Iron Law of Bureaucracy?

Here is Jerry Pournelle’s Iron Law of Bureaucracy:

“In any bureaucracy, the people devoted to the benefit of the bureaucracy itself always get in control, and those dedicated to the goals the bureaucracy is supposed to accomplish have less and less influence, and sometimes are eliminated entirely…. In any bureaucratic organization there will be two kinds of people: those who work to further the actual goals of the organization, and those who work for the organization itself. Examples in education would be teachers who work and sacrifice to teach children, vs. union representatives who work to protect any teacher including the most incompetent. The Iron Law states that in all cases, the second type of person will always gain control of the organization, and will always write the rules under which the organization functions.”

I appreciate that he used a real world example. That means his hypothesis is potentially falsifiable. We just have to find an example to weaken his claim. And we do have such examples. The Finnish school systems are among the best in the world. Finnish teachers are trained at the best universities. Once they take up a teaching position, they are given great authority and control of their classrooms. They are highly respected and well compensated. And last but not least, they are members of a powerful teachers union.

Interestingly, Doug Schoen (conservative Democrat and Fox News contributor) pointed out that the Finnish education system reminded him of the US education system from earlier last century. It was a time when Americans had one of the best public education systems in the world. And it was a time when union membership was high and union leadership was powerful. How has a half century of attacking unions improved anything? For damn sure, bureaucracy has grown even larger as organized labor has shrunk.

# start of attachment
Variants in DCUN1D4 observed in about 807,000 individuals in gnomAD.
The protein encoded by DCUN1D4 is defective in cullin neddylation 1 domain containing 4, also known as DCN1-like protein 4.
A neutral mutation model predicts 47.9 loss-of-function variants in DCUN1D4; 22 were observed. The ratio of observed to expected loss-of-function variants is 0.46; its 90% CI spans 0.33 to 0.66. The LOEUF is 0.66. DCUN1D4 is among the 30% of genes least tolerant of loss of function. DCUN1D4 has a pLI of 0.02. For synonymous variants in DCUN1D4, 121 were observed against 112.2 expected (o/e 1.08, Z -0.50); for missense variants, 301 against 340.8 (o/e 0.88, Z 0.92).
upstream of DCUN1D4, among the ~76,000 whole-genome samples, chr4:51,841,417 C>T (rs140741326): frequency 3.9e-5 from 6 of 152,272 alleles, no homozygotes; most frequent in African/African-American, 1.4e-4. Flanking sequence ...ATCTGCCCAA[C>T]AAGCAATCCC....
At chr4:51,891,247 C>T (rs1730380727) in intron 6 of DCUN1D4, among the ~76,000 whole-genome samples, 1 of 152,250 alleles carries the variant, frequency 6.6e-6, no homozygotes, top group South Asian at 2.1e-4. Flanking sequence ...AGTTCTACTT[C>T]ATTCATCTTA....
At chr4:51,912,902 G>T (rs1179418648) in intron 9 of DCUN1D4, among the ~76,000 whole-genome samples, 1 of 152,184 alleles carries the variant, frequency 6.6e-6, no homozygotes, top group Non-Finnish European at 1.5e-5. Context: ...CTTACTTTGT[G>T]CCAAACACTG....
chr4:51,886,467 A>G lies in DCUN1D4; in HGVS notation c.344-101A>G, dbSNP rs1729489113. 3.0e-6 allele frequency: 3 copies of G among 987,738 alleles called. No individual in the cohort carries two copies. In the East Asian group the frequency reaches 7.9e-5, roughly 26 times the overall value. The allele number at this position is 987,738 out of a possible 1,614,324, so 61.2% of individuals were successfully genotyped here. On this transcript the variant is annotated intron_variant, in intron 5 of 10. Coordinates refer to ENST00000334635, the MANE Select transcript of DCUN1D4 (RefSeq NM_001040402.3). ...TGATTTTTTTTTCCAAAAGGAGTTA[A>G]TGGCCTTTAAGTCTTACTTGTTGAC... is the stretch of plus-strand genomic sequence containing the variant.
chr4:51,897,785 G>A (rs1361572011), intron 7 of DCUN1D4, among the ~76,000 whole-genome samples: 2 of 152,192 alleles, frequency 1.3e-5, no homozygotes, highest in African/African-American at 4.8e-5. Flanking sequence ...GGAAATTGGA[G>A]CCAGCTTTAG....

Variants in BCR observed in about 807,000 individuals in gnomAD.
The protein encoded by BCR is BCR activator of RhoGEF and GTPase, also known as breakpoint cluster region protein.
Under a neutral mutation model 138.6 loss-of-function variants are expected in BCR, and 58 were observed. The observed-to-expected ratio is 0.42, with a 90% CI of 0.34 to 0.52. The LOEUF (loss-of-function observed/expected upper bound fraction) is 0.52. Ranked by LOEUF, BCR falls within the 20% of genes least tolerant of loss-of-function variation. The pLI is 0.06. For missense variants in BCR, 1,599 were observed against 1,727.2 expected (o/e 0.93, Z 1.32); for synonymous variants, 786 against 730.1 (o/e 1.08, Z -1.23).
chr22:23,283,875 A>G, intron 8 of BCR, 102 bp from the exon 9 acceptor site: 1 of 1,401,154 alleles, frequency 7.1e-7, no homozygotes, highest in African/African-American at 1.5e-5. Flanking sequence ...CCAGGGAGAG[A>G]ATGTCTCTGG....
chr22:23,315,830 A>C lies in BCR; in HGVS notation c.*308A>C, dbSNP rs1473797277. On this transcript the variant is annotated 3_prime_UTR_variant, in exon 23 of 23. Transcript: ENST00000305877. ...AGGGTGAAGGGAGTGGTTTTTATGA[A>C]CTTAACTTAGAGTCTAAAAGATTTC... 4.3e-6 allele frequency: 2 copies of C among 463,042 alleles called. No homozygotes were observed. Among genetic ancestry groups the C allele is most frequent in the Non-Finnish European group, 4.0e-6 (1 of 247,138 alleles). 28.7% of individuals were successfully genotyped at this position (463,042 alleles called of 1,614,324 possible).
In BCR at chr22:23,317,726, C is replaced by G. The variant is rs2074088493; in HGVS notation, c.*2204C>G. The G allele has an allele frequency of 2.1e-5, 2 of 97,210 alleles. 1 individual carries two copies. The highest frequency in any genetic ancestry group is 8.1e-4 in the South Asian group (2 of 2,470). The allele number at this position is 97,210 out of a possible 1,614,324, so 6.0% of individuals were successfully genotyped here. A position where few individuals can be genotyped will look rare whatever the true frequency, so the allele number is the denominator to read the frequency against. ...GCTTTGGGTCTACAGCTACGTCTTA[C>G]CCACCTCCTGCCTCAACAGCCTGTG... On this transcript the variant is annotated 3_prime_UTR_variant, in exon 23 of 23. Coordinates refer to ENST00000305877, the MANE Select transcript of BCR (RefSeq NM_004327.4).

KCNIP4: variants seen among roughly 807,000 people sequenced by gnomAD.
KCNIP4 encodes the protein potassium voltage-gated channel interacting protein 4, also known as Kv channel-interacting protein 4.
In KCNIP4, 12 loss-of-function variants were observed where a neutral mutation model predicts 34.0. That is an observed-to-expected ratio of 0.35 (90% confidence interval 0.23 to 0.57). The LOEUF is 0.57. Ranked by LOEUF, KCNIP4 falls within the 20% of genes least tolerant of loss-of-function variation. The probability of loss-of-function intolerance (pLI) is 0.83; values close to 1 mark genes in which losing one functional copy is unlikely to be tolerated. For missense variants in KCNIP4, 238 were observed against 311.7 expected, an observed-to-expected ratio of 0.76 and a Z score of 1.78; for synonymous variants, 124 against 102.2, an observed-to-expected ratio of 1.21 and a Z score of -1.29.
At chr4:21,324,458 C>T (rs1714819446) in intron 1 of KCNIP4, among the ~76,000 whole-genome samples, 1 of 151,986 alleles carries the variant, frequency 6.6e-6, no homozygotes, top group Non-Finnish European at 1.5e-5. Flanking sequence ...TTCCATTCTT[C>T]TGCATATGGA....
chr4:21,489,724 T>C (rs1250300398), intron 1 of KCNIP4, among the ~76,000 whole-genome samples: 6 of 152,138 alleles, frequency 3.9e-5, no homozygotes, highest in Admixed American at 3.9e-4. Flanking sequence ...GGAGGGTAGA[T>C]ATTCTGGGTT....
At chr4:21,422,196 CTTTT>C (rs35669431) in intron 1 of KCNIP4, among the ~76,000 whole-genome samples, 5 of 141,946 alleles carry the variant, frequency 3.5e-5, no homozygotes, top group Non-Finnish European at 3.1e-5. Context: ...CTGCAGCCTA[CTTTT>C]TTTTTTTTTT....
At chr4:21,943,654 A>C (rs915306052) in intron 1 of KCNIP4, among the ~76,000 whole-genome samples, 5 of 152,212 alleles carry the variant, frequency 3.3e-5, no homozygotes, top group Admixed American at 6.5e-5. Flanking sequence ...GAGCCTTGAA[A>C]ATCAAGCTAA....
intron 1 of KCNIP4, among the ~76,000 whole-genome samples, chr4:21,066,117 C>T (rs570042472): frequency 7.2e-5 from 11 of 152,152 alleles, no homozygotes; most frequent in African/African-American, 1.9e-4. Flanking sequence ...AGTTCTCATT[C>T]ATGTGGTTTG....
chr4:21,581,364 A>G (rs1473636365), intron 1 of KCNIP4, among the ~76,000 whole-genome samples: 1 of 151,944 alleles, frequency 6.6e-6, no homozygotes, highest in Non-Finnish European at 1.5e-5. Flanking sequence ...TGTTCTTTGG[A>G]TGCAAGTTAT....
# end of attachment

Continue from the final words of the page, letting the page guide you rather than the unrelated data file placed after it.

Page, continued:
It’s also important to clarify the point that the least bureaucratic (and more democratic) forms of labor organizing were the most viciously attacked and most thoroughly eliminated. Only more bureaucratic forms of labor organizing were able to survive the onslaught of the powerfully entrenched bureaucracy of corporatism with its alliance of government, corporations, lobbyists, think tanks, and big biz media.

That doesn’t necessarily disprove this law of bureaucracy. But it does prove that some of the evidence he uses doesn’t support his argument. And that makes one doubt that, as presented, it is an Iron Law. No organization, not even a union, is inevitably bureaucratic. Nor is there always (maybe not even usually) a distinction between those dedicated to the goals of the organization and those dedicated to the organization itself. It depends on what kind of organization, such as whether it is authoritarian and hierarchical or democratic and egalitarian.

This law leaves out many details. It’s a generalization that, however applicable in some cases, has many exceptions. More problematic is its fatalism, in that the bureaucrats can be nothing but bad and they will always win. Still, its a useful generalization for those of us living within the United States, the largest and most powerful bureaucratic system in world history.

* * *

Refuting the “iron law of bureaucracy”
by CronoDAS

Pournelle’s Iron Law of Bureaucracy
by Phil Ebersole


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